Piaget described processes where we learn and grow, adapting to our environment, socially and physically. He names these processes assimilation. In this process, the experience is brought in from the outside into the inside without interrupting our pre-existing ideas. This works especially well when the new item is an additional item of something we are familiar with. The process can be useful but sometimes it results in squeezing reality to fit.

The internal world has to change in response to new factors that are introduced.  This can be harder, especially in adults because it may mean changing something vital about something someone has always taken for granted. An example of this is the belief in the sanctity of marriage and moving toward divorce. The term for this is cognitive dissonance. He stated that it is not doable to hold two incompatible ideas in your head at the same time. A great way we see this carried out in real life is by having a firm belief that it is wicked to kill, yet being forced to become a soldier.

Assimilating the Internet

For anyone below midlife age, the use of the World Wide Web as the definition for all things both essential and trivial is taken for granted. The interwebs sit waiting for us to consult its seemingly-endless, virtual pages on all things from lists. to serious help to understand anything history to science. Social media allows us to connect with our family and what we now call “friends” and buying sites allow the whole world purchasing to be closer to us than our nearest mall.

For those over middle age, we have had to assimilate the internet into our lives as a tool for everyday activities: research, social interaction, and shopping.  Before it existed, we had to ask encyclopedias, annual collections of trivia, and the television for information to study. For reaching out to friends and family, we would use the house phone or wrote a letter. Shopping was done in person, always.  There will be very few people who will regret the passing of snail mail) or the limited options of strip mall shopping. The introduction of the internet has been one assimilation that has been easy and enjoyable.

This is an illustration of assimilation because though while the way we use the internet to carry out these parts of our lives, the basic concepts of studying, interacting, and shopping have not changed.

Final Thoughts on Assimilation Psychology

Understanding assimilation psychology is vital in realizing why we do the things we do as a culture. Assimilation is the reason for so much of the everyday pushback we naturally have to changes.

The Dangers of Self-Diagnosing Personality

Thanks to self-help books, and increasing open discussions revolving around mental health and personality disorders, many people fall into the trap of self-diagnosis. Although there is nothing wrong with being curious about self-exploration, and looking for answers online, it doesn’t make one an instant expert on personality disorders.

The human mind is a continuing subject of focus, intently studied by medical professionals and scientists. Despite the plethora of information online, there is still limited and ongoing studies about the causes and available treatments for various mental disorders.

One thing that makes self-diagnosing personality so dangerous is that people armed with little to no working knowledge of psychology and mental disorders, can and do quickly conclude the state of their mental health or others. Pointing out oneself or others as being OCD, bipolar, or manic without a certified diagnosis by a professional, can be very damaging.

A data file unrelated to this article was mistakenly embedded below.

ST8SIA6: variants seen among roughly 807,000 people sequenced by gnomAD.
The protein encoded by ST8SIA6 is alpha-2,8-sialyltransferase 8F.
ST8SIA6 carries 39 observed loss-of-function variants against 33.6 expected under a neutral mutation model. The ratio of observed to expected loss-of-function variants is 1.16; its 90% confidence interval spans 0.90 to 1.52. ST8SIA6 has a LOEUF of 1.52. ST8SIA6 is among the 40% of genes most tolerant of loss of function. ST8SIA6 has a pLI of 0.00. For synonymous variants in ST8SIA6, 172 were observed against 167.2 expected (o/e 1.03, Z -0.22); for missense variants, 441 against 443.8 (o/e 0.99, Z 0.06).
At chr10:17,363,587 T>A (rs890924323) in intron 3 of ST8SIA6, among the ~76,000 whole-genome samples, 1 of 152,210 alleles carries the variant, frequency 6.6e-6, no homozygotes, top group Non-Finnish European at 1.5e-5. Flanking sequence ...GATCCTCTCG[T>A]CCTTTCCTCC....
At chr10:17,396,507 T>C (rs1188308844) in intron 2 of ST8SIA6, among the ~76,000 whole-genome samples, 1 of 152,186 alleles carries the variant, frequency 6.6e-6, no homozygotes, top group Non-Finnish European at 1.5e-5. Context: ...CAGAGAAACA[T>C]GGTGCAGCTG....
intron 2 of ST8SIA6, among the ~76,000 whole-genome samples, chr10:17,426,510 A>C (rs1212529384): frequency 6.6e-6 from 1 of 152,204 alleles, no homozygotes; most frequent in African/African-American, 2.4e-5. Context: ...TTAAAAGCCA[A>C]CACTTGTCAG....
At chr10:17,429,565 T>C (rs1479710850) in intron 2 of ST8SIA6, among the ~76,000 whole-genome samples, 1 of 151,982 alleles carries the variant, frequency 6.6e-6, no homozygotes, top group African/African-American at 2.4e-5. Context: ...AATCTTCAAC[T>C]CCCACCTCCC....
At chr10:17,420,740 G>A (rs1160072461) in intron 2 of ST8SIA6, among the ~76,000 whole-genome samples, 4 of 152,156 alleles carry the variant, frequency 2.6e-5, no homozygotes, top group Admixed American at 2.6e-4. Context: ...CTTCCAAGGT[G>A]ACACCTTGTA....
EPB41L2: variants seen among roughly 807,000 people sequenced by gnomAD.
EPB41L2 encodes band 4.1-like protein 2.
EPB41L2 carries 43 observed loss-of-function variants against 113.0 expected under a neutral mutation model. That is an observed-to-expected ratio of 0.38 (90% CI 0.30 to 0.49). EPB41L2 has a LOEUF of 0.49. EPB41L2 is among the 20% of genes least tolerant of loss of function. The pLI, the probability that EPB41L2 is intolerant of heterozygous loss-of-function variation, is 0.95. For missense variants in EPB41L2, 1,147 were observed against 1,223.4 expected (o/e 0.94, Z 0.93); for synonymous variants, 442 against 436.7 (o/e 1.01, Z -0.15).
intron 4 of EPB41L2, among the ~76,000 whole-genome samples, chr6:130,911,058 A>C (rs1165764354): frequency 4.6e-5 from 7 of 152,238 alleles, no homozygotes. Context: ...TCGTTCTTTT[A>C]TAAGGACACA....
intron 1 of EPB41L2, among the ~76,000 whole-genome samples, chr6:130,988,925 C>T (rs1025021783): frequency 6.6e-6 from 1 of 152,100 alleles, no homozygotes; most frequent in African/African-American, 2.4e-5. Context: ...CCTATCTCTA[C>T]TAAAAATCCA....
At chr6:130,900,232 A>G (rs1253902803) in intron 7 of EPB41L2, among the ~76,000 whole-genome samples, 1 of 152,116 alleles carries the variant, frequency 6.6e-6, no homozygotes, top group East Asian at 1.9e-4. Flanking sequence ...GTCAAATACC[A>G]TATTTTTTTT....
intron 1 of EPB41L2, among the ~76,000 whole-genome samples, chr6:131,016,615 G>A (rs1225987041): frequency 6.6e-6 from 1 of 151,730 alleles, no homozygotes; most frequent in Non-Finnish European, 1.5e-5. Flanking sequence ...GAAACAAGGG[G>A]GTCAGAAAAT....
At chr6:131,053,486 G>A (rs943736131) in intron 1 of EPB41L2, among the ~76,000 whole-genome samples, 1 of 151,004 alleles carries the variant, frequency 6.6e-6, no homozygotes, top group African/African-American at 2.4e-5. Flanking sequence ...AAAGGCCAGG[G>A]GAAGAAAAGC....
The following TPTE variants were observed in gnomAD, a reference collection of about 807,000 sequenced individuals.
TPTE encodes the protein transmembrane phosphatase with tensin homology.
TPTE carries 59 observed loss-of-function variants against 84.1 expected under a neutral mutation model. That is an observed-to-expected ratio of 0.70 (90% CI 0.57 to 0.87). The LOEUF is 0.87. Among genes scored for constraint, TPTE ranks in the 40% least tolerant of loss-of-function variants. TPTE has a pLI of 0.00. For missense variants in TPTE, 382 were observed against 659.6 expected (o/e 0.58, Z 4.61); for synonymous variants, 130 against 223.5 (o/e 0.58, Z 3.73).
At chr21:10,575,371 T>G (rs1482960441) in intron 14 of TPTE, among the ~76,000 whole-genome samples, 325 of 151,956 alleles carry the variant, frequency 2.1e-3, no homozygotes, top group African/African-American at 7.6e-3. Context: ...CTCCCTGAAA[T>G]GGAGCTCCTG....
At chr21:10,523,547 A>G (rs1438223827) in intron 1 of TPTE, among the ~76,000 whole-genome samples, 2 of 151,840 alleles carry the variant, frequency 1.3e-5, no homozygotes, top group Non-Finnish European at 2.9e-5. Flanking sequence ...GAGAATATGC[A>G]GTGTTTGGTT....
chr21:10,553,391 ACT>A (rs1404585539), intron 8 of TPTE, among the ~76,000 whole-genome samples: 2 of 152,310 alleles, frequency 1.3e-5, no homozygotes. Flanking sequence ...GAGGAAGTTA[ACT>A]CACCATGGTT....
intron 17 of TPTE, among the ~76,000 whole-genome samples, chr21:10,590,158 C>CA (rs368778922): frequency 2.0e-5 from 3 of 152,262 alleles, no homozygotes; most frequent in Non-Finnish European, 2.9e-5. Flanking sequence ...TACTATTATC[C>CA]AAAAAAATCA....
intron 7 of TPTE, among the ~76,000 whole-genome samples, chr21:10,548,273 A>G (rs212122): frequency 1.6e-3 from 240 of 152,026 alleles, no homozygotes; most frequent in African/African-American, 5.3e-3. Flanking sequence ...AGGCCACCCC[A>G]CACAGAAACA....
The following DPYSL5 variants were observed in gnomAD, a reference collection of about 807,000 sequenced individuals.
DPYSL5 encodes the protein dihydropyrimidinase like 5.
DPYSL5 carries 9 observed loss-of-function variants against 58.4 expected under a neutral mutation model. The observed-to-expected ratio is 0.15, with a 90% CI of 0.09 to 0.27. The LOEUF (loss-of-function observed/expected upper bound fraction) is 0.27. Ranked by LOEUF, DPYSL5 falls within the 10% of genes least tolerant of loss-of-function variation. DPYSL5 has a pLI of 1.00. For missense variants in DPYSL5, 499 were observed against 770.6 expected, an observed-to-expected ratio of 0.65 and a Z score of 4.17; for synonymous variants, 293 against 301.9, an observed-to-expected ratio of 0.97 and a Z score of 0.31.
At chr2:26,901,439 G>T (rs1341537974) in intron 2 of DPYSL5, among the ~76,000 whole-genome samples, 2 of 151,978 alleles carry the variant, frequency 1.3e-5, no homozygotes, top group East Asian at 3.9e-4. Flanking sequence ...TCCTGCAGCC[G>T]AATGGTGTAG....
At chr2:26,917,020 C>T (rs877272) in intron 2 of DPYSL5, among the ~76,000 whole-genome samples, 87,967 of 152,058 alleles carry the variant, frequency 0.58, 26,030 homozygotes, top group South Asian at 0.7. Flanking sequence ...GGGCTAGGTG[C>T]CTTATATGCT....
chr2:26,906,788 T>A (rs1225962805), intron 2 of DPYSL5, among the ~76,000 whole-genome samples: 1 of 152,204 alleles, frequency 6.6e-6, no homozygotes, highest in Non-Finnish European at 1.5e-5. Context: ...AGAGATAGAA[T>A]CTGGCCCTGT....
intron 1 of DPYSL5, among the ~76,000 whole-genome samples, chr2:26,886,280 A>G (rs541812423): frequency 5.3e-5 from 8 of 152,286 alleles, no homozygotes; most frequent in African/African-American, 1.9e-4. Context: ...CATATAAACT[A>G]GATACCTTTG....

At times, some people may feel that they do have a mental or physical illness which needs a professional diagnosis. If a person chooses to self-diagnose their believed condition, they might end up self-medicating, misdiagnosing themselves, or go untreated for whatever illness they may have.

Although there is helpful information online to guide seekers in the right direction, a self-diagnosing personality left unchecked can be a source of problems.

Some common symptoms that may be a sign of a mental or physical illness, which can lead to a misdiagnosis without professional assessment include:

  • Feeling fatigued most of the time
  • Plagued by headaches
  • Difficulty being around loud noises or bright lights
  • Auditory or physical hallucinations

At first glance, these symptoms could be the result of mental illness. But they could also be brought about by stress, exhaustion, or another valid reason.

However, only a trained and certified medical professional can accurately assess what a patient’s problem may be.

What Are The Dangers of Self-Diagnosing Personality?

Dangers of Self-Diagnosing Personality
Photo credit to The Pitt News

Although the internet is a fascinating place filled with information on everything possible, not all sites can be trusted. Some websites can misinform, or prey on people’s fears for clicks. Anyone who solely trusts whatever information they discover online, without taking it with a grain of salt, may end up believing that are fully capable of self-diagnosing without error.

When browsing the web for answers, it is important to find sources which use information sourced from journals, medical schools, or professional organizations. Ultimately, it is crucial that professional assessments are used to uncover whether there is indeed a mental or physical illness present.

According to various studies, only about 50% of people discuss their online search findings with their doctor. Many people are willing to believe what they learn from their search results and are not often willing to consult another source to fact-check.

When people have a self-diagnosing personality, they may take specific actions that can prove risky. After making a self-assessment and declaration of a perceived specific medical or mental condition, it can lead to the following.

  • An attempt may be made to cure the problem of dietary changes or taking medication
  • The self-diagnosing person may follow a treatment plan that is not needed or helpful
  • Self-diagnosing personality can lead to seeking unorthodox treatments to cure their believed problem
  • Avoidance of medical professional guidance and treatment may follow
  • Untreated and undiagnosed mental or physical problems can lead to other related health ailments, or become worse